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What happens if I transfer money to the wrong bank account?

Woman looking at phone and computer, concerned about transferring money to the wrong bank account.

Long gone are the days when you would be required to whip out your wallet or cheque book to repay money to a friend or pay a bill. Thanks to the invention and uptake of internet banking and online bank accounts, transferring money to friends, family or a business has never been easier. 

Despite the convenience which online banking provides, there is one snag: transferring money to the wrong account is a whole lot easier. So what happens if you transfer money to the wrong bank account, and what can you do about it? Let's get into it.

How to stop it happening in the first place

It may seem like common sense, but every time you go to transfer money to a new recipient in your banking app or on your bank's website, make sure you double check the following:

  • The recipient's BSB (short for Bank State Branch) and Account Number
  • Or the recipient's PayID

What about the Account Name you ask? That’s just used for recording purposes, so the really important parts to get right are the aforementioned bits of information.

What to do if you transfer money to the wrong account

So, the worst has happened and you’ve mixed up your friends details while trying to send them money for dinner. Aside from assuring them that you will pay them back, what should you do?

Technically, transferring money to the wrong bank account is called a mistaken internet payment and the process involved if you do make one is laid out in the ePayments Code. This code is administered by Australian Securities and Investments Commission (ASIC). 

The ePayments Code is a pretty long read though, so the short of it is that you'll want to contact your bank as quickly as possible when you realise your mistake! That's because the faster you get in contact with them, the more likely it is that you’ll get your money back. Here are the timeframes you'll want to be aware of though:

1. It’s been less than 10 business days

If you make a claim within the first ten business days of the transfer going out, your bank will be obliged to return your money to you in full, so long as there are enough funds available in the recipient's account. While the Code outlines that your bank must return the money to you 'as soon as practicable', this could be up to ten business days. 

2. It’s been between 10 business days and 7 months

If you’ve left it more than 10 business days, or just didn’t notice your mistake in that period, then things get a little bit more difficult. The recipient's bank is obliged to put a freeze on the disputed money and notify the recipient that they have up to 10 business days in which to prove they are actually entitled to the funds. If they can’t offer proof that the money is rightfully theirs, then the funds will be returned to you.

3. It’s been over 7 months

This is where it gets really tricky. According to the ePayments Code, if it's been over seven months since you transferred money to an incorrect account then the recipient of your funds isn't actually obliged to return the funds to you. Their bank is obliged to ask them, but the recipient must provide consent before any funds can be taken out of their account. Basically your funds are completely in their hands at this point.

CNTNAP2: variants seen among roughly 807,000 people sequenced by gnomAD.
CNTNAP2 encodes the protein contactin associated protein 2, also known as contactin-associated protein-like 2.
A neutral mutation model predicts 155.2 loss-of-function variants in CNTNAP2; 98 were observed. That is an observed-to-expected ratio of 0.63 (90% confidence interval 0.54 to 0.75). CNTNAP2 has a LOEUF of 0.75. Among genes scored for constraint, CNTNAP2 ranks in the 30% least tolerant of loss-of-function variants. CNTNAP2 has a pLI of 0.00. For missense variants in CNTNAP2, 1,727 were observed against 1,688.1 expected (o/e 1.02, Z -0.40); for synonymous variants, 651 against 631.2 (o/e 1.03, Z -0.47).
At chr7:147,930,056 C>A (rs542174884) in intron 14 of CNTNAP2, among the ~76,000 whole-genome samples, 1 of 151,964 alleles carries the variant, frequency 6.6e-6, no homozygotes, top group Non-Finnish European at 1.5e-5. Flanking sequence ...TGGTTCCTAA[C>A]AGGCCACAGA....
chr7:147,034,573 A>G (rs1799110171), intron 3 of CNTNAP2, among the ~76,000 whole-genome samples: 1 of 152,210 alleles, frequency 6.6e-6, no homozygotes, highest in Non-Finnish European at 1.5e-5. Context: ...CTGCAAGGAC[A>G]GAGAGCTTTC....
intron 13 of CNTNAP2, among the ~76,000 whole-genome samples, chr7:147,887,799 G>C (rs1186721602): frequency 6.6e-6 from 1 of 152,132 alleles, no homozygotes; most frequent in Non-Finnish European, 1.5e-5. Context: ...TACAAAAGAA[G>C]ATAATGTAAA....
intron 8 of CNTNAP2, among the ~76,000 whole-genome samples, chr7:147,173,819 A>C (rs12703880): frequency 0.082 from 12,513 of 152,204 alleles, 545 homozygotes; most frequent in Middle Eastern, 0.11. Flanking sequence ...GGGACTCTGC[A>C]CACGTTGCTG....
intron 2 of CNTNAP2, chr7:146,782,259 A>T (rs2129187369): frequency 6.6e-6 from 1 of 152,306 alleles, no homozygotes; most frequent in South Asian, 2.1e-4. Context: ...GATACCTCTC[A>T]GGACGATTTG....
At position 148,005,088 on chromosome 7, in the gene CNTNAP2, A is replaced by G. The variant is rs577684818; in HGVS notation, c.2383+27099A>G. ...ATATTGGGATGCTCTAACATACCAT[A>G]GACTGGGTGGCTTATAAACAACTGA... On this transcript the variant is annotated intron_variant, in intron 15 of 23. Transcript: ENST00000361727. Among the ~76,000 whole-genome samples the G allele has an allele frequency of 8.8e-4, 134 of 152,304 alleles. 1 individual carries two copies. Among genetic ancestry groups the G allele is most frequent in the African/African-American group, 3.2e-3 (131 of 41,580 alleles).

What about transfer mistakes involving BPAY?

Plenty of Aussies use BPAY as an easy way to pay their rent or energy bills, so is there any difference between making a mistake using BPAY compared to one with your regular bank account? Unfortunately there is. Mistaken BPAY payments are not covered by the ePayments Code, but there are some steps you should take if you enter the Biller Code or Customer Reference Number (CRN) when making a transfer via BPAY. 

Once again, your best course of action will be to contact your bank straight away, because there's a possibility that they may be able to reverse the transfer. It's also possible that if you've entered an invalid Biller Code or CRN that the transfer will not go through and the funds will be returned to you. If you haven't picked up your mistake straight away you should still contact your bank, because while there's no guarantee that they'll be able to return your funds, they will be able to help you lodge a dispute. 

What if my bank or provider isn’t assisting me?

If you’ve made an erroneous transfer and your bank or credit union isn't providing you with adequate assistance to resolve the problem, you do have the option of lodging a complaint with the Australian Financial Complaints Authority (AFCA). 

What should I do if I receive money that isn’t mine?

While a sudden windfall in your bank account or savings account may seem like a real stroke of luck, that money isn’t actually yours and you’ll have to pay it back. So get in contact with your bank to tell them what’s happened and resist the temptation to spend it!

RELATED: Banks, mutual banks and credit unions - what’s the difference?

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Tom Watson
Tom Watson
Finance journalist

Tom Watson is a financial journalist at Mozo and co-host of the Finance Burrito podcast, specialising in fintech, property and business banking. Whether it’s reporting on banking trends or uncovering the latest product innovations, Tom’s mission is to keep our readers up to date with breaking Australian financial news. His work is often sourced in the media and across social media channels. Tom has a degree in Journalism from the University of Technology, Sydney. He is also ASIC RG146 (Tier 2) certified for general advice.

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